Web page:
Above - School of the Air building
Left - map of where the families live.
The second school visit was to the School of the Air. Started many six decades ago and back then children in remote and outback areas were taught over short wave radios. Nowadays, primary aged children are taught via satellite internet connection. School is in session Monday to Friday with a live two-way broadcast lasting for less than an hour a day. The rest of the time children will complete workbook type packages and are expected to attend "school" 9 till 3. All exchange teachers were very keen to learn more about this distant education.
The third school visit was to East Kalgoorlie primary school. Again, another interesting tour. Again, a different type of school. This primary school serves students of aboriginal heritage. Started by an aboriginal principal to deal with declining enrollment, she started focusing on specific needs for aboriginal students that might have been missed otherwise. Sorry, no photos.
|5 Canucks, 2 Brits, 2 Aussies Teachers|
|Before electricity reached remote stations, |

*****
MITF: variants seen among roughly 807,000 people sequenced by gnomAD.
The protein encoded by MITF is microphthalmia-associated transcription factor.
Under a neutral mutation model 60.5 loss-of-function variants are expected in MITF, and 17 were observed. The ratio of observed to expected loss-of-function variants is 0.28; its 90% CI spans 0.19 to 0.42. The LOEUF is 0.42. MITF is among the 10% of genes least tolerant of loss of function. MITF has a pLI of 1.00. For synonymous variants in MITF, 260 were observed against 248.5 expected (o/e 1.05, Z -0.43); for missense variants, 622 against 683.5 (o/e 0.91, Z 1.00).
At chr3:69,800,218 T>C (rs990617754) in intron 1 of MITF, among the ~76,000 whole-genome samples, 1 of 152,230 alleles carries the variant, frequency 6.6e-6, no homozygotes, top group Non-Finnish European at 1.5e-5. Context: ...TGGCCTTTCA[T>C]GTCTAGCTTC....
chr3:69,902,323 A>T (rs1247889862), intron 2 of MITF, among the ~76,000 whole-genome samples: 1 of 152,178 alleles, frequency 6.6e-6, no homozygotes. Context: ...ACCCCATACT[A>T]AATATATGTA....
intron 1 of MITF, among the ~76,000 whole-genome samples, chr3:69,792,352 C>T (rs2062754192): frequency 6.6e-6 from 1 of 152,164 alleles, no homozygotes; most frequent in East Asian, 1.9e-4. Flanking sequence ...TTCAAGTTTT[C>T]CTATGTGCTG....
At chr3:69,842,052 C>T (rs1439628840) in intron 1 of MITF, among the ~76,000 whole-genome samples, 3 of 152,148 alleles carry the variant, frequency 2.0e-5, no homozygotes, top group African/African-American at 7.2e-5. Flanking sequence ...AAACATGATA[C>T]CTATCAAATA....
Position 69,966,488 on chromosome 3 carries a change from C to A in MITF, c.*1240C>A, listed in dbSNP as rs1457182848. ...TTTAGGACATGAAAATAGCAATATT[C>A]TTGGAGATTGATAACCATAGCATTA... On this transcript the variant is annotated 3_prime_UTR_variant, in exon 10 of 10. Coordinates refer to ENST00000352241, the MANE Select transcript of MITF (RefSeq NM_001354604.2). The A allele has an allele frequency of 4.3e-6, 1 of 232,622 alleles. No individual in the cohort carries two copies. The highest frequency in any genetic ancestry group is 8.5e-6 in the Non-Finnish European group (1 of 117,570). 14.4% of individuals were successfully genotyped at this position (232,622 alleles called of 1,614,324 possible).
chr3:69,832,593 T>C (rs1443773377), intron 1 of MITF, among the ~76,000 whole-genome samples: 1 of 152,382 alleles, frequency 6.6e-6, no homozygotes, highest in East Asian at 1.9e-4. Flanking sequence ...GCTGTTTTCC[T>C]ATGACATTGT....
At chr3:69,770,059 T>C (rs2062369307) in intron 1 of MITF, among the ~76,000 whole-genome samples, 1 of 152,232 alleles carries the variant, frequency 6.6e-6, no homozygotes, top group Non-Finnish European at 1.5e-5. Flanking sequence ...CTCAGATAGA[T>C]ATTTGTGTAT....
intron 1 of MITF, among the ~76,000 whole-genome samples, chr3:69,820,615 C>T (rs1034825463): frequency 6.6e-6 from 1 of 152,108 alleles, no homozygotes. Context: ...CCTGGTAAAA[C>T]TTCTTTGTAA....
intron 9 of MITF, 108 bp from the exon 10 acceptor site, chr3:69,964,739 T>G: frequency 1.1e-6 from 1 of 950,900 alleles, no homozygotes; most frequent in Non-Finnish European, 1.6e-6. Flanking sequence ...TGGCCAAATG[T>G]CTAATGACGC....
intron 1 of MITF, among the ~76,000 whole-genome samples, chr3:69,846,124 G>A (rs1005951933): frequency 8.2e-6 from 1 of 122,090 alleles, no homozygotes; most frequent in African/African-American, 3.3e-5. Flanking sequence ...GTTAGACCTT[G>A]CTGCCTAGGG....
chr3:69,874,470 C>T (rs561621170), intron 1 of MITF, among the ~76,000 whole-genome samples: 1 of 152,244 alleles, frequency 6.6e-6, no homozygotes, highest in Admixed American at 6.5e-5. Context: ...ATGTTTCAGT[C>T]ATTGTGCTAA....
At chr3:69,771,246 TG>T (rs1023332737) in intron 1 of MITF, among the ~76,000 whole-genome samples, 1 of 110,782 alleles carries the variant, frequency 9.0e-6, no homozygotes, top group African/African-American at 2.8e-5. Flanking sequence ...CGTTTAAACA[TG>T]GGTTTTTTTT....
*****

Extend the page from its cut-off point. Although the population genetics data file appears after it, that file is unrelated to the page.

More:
people peddled to power up their short wave radios.
No tour of Kalgoorlie would be complete without a tour of the Super Pit. Originally, the 'Golden Mile' was independently owned and operated by many different underground goldmine companies. Old photos show dozens of head frames just on the outskirts of town. Then in the 1970s and 80s, a WA business man started buying up the leases for the idea of starting an open pit mine to extract what was in between. Set to dig until 2017, the Super Pit will eventually be almost one kilometre deep, 4 km long and 1 km wide. Look how tiny the big equipment looks now! Imagine in a few years time!
|Gold pouring demo at the Mining Hall of Fame.|
|Coolgardie Safe - an ingenious invention.|